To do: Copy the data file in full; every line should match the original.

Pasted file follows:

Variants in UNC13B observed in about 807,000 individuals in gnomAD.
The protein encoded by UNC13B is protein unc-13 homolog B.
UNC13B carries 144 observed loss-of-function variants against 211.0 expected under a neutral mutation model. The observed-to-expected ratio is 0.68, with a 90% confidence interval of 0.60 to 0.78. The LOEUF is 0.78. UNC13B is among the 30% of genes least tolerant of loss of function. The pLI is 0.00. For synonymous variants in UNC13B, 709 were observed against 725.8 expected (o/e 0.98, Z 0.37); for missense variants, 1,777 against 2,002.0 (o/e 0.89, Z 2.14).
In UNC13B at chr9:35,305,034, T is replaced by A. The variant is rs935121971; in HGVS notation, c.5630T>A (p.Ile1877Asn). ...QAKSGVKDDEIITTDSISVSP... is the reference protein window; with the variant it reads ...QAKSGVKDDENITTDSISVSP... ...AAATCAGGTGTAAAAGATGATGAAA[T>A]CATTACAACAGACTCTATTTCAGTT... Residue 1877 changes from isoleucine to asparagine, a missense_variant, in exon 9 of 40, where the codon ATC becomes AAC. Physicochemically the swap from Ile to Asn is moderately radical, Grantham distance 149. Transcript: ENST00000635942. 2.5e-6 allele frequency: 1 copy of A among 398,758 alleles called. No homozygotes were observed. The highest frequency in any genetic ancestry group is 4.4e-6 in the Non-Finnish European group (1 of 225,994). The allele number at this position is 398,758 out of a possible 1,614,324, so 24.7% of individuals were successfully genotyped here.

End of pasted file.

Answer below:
Variants in UNC13B observed in about 807,000 individuals in gnomAD.
The protein encoded by UNC13B is protein unc-13 homolog B.
UNC13B carries 144 observed loss-of-function variants against 211.0 expected under a neutral mutation model. The observed-to-expected ratio is 0.68, with a 90% confidence interval of 0.60 to 0.78. The LOEUF is 0.78. UNC13B is among the 30% of genes least tolerant of loss of function. The pLI is 0.00. For synonymous variants in UNC13B, 709 were observed against 725.8 expected (o/e 0.98, Z 0.37); for missense variants, 1,777 against 2,002.0 (o/e 0.89, Z 2.14).
In UNC13B at chr9:35,305,034, T is replaced by A. The variant is rs935121971; in HGVS notation, c.5630T>A (p.Ile1877Asn). ...QAKSGVKDDEIITTDSISVSP... is the reference protein window; with the variant it reads ...QAKSGVKDDENITTDSISVSP... ...AAATCAGGTGTAAAAGATGATGAAA[T>A]CATTACAACAGACTCTATTTCAGTT... Residue 1877 changes from isoleucine to asparagine, a missense_variant, in exon 9 of 40, where the codon ATC becomes AAC. Physicochemically the swap from Ile to Asn is moderately radical, Grantham distance 149. Transcript: ENST00000635942. 2.5e-6 allele frequency: 1 copy of A among 398,758 alleles called. No homozygotes were observed. The highest frequency in any genetic ancestry group is 4.4e-6 in the Non-Finnish European group (1 of 225,994). The allele number at this position is 398,758 out of a possible 1,614,324, so 24.7% of individuals were successfully genotyped here.